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Fordham Flava

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Fordham University

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Fordham Flava

Victoria Munoz

11.17.17

Read time: 6 minutes.

Photography by Spencer Krell

Over fifty years old, the dance genre of hip-hop gained prominence in the 1970’s through revolutionary, street-based dance crews. These dance crews shaped hip-hop dance by utilizing the emergence of “funky” music. This form of dancing was a phenomenon that swept the nation due to its creativity and spontaneity. Birthed at 1520 Sedgwick Avenue in 1973, hip-hop is closely tied to the Bronx. On that day, and in that specific apartment in the South Bronx, Clive Campbell (DJ Kool Herc), introduced the classic break-beat style and coined the term “hip-hop”. Through constant trial-and-error and experimentation, revolutionary artists such as DJ Afrika Bambaattaa, Grand Wizzard Theodore, and Grandmaster Flash shaped what hip-hop is. This creation and revolution took place right here in the Bronx.
Hip-hop is still being spread, morphed, and celebrated in the Bronx today. We can see this specifically through Fordham Flava, the only hip-hop dance crew at Fordham University Rose Hill. Flava performs at different events around campus, culminating in a showcase at the end of Spring Semester every year. The dance team is made up of several dancers who have different backgrounds but one great similarity: a passion for hip-hop, its roots, and the magic it brings to dancers and to an audience. Fordham Flava specializes in hip-hop because they believe, much like hip-hop pioneers in the 70’s, that it has character unlike any other dance genre. Fordham Flava feels attached to hip-hop due to the music genre’s rich culture, presence, and its ability to express emotion.
Emily Kramer, President of Fordham Flava, believes “the music, the hype, and the energy that come with hip-hop culture enables a strong cultural and dance community to be formed.” The hip-hop community and culture is characterized by constant innovation. The magic of hip-hop, as Jeffrey Pelayo (freshman dancer) stated, “is all around us”. Not only do Fordham Flava dancers appreciate hip-hop’s culture and community, but they also appreciate the fact that hip-hop is soul-moving. According to Juliet Dooz, a junior Flava dancer, “hip-hop allows you to let go and lets you almost fall into another world." This combination of culture and emotion allows dancers to transcend beyond themselves when they perform.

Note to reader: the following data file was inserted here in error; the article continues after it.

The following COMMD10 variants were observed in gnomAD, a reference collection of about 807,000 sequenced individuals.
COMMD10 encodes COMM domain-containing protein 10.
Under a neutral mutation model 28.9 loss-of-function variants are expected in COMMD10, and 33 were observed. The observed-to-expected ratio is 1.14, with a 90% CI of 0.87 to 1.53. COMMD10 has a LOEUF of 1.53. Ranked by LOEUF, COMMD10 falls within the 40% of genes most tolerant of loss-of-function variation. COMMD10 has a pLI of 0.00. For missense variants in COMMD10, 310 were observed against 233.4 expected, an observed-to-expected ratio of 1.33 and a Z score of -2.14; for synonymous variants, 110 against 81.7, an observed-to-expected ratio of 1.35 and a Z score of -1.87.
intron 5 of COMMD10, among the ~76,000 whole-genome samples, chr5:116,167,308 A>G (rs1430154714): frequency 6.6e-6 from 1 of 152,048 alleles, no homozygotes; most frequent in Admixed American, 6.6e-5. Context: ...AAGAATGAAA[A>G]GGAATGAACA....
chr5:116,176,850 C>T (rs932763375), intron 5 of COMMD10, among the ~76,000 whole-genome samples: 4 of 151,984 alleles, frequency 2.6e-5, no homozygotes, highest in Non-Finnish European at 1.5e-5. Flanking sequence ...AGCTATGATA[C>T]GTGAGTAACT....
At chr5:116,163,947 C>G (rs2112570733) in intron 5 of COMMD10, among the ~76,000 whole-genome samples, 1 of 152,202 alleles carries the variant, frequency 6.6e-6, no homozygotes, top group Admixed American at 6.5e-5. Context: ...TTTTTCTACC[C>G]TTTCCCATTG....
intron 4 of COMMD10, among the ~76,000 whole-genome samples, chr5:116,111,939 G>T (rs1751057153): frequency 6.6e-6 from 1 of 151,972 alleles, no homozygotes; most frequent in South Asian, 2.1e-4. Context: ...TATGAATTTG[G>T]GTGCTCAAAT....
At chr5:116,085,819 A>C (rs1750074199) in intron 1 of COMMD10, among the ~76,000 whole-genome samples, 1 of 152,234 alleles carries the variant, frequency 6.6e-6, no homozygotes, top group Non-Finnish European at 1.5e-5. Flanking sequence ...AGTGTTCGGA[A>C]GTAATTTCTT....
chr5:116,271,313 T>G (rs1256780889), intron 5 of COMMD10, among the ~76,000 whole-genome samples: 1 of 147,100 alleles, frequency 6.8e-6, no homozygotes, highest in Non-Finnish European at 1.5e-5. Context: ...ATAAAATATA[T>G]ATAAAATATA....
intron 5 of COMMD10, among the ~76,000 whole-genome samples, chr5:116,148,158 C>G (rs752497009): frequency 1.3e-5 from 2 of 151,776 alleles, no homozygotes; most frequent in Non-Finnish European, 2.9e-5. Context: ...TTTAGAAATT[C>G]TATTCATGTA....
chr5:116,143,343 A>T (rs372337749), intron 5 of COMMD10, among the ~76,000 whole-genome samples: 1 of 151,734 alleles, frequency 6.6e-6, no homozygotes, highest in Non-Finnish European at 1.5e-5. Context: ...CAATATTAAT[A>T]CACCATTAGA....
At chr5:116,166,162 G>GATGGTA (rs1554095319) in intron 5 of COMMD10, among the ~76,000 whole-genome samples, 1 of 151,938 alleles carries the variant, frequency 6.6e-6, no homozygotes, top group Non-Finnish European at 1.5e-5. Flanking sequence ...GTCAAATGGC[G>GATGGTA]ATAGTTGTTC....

"Hip-hop makes you feel strong and confident- it makes you feel known. When you dance hip-hop it’s as if people are compelled to look at you and pay attention to what you’re expressing- it’s truly empowering.” (Hannah Gammon, Freshman on Flava)


The empowerment and enchantment dancers feel while dancing fuels their passion. Much like Clive Campbell, Grandmaster Flash, or any other hip-hop pioneers, Fordham Flava dancers feel special while dancing hip-hop because hip-hop itself is special.
Because hip-hop requires both an extreme amount of physical and emotional ability, many struggle to categorize it as either a sport or performing art. According to Fordham Flava, hip-hop is both an art and a sport. Olivia Caneelierl, a junior Fordham Flava dancer, believes that “hip-hop is an art, but it requires a lot of athleticism and stamina. A dancer needs strength to execute a hip-hop routine to its full capacity”. In short, without the athletic skills needed in a sport, hip-hop could not fully live up to its potential as an art. Pelayo, freshman Flava dancer, stated that dance is not just a sport because dancers need “an ability to show emotion on another level”. This combination of physical, emotional, and mental strength is what categorizes hip-hop dance as both a sport and an art.
To fully experience the magic of hip-hop and the emotional and physical strength it demands, I sat in on a Fordham Flava dance practice. While watching them perform, I was amazed by the way the dancers’ personas drastically changed. The eleven individuals I was quietly chatting with a few minutes ago were now fierce, confident, vibrant, eye-catching hip-hop dancers. Their passion caught my total, undivided attention.
After observing their practice for a bit, I decided to join in on the dancing. Although I could probably be crowned the worst dancer in America (ask anyone who knows me), I couldn’t help but to join in on the fun. The second “When I Grow Up” by the Pussycat Dolls came on and everyone was perfectly in sync I couldn’t help but to feel a major thrill. Although it was an extremely quick pace, everyone’s radiant energy helped me catch on rather quickly. Between clapping, bending, popping, and moving my body in ways I didn't think I could, I felt part of something bigger than me; I felt like I was part of hip-hop itself. If I felt this empowered after only 6 minutes of clumsy dancing, I can only imagine how Fordham Flava dancers or even revolutionary Bronx dance crews in the 1970’s could feel.

Students should feel an immense amount of pride knowing that in some small way, Fordham is still spreading the magic of hip-hop that was created right here in New York City over five decades ago.

Catch Fordham Flava tonight as they perform at Madison Square Garden as part of the championship game of the 2k classic! Follow their Instagram & Facebook to stay in the loop.